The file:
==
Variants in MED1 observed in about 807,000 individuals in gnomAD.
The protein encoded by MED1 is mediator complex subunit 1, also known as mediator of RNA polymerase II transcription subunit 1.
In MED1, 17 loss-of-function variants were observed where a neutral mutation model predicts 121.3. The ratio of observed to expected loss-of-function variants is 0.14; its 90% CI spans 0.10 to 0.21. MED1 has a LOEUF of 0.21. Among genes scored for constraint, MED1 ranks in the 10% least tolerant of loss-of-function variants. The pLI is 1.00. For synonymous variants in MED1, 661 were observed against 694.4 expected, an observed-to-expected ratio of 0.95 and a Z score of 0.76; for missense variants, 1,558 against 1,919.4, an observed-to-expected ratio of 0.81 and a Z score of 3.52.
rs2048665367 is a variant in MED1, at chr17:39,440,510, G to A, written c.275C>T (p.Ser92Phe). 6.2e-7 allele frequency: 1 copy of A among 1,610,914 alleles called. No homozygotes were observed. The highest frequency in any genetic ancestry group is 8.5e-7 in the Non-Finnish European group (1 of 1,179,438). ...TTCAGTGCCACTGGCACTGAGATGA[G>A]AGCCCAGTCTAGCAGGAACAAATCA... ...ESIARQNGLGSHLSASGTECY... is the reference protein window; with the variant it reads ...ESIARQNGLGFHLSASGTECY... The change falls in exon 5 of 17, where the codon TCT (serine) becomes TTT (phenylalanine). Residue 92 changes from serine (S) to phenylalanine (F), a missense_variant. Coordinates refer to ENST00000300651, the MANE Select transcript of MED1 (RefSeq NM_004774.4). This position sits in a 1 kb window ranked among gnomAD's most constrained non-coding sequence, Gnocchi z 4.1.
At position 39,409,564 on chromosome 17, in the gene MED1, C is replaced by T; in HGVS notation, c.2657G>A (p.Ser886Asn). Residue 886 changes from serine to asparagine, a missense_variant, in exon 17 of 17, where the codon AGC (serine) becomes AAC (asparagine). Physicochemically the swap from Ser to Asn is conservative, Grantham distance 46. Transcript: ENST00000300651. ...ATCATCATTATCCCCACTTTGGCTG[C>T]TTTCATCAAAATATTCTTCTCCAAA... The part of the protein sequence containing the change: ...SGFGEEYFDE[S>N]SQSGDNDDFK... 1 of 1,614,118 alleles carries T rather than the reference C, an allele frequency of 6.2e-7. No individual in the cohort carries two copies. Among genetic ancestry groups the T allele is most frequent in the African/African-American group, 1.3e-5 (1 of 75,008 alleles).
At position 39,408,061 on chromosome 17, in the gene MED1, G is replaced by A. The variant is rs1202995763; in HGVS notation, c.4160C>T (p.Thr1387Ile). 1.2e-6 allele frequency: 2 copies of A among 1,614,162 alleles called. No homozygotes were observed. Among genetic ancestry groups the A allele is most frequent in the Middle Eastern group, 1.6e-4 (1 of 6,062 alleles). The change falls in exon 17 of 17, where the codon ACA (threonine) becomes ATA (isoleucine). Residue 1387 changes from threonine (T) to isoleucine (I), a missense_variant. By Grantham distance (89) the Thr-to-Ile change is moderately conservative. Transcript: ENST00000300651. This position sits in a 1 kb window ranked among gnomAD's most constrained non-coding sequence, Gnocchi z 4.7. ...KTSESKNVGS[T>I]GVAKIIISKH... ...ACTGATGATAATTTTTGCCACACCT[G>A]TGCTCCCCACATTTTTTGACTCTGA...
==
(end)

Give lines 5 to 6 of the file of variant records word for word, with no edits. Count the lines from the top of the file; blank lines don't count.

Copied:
At position 39,409,564 on chromosome 17, in the gene MED1, C is replaced by T; in HGVS notation, c.2657G>A (p.Ser886Asn). Residue 886 changes from serine to asparagine, a missense_variant, in exon 17 of 17, where the codon AGC (serine) becomes AAC (asparagine). Physicochemically the swap from Ser to Asn is conservative, Grantham distance 46. Transcript: ENST00000300651. ...ATCATCATTATCCCCACTTTGGCTG[C>T]TTTCATCAAAATATTCTTCTCCAAA... The part of the protein sequence containing the change: ...SGFGEEYFDE[S>N]SQSGDNDDFK... 1 of 1,614,118 alleles carries T rather than the reference C, an allele frequency of 6.2e-7. No individual in the cohort carries two copies. Among genetic ancestry groups the T allele is most frequent in the African/African-American group, 1.3e-5 (1 of 75,008 alleles).
At position 39,408,061 on chromosome 17, in the gene MED1, G is replaced by A. The variant is rs1202995763; in HGVS notation, c.4160C>T (p.Thr1387Ile). 1.2e-6 allele frequency: 2 copies of A among 1,614,162 alleles called. No homozygotes were observed. Among genetic ancestry groups the A allele is most frequent in the Middle Eastern group, 1.6e-4 (1 of 6,062 alleles). The change falls in exon 17 of 17, where the codon ACA (threonine) becomes ATA (isoleucine). Residue 1387 changes from threonine (T) to isoleucine (I), a missense_variant. By Grantham distance (89) the Thr-to-Ile change is moderately conservative. Transcript: ENST00000300651. This position sits in a 1 kb window ranked among gnomAD's most constrained non-coding sequence, Gnocchi z 4.7. ...KTSESKNVGS[T>I]GVAKIIISKH... ...ACTGATGATAATTTTTGCCACACCT[G>A]TGCTCCCCACATTTTTTGACTCTGA...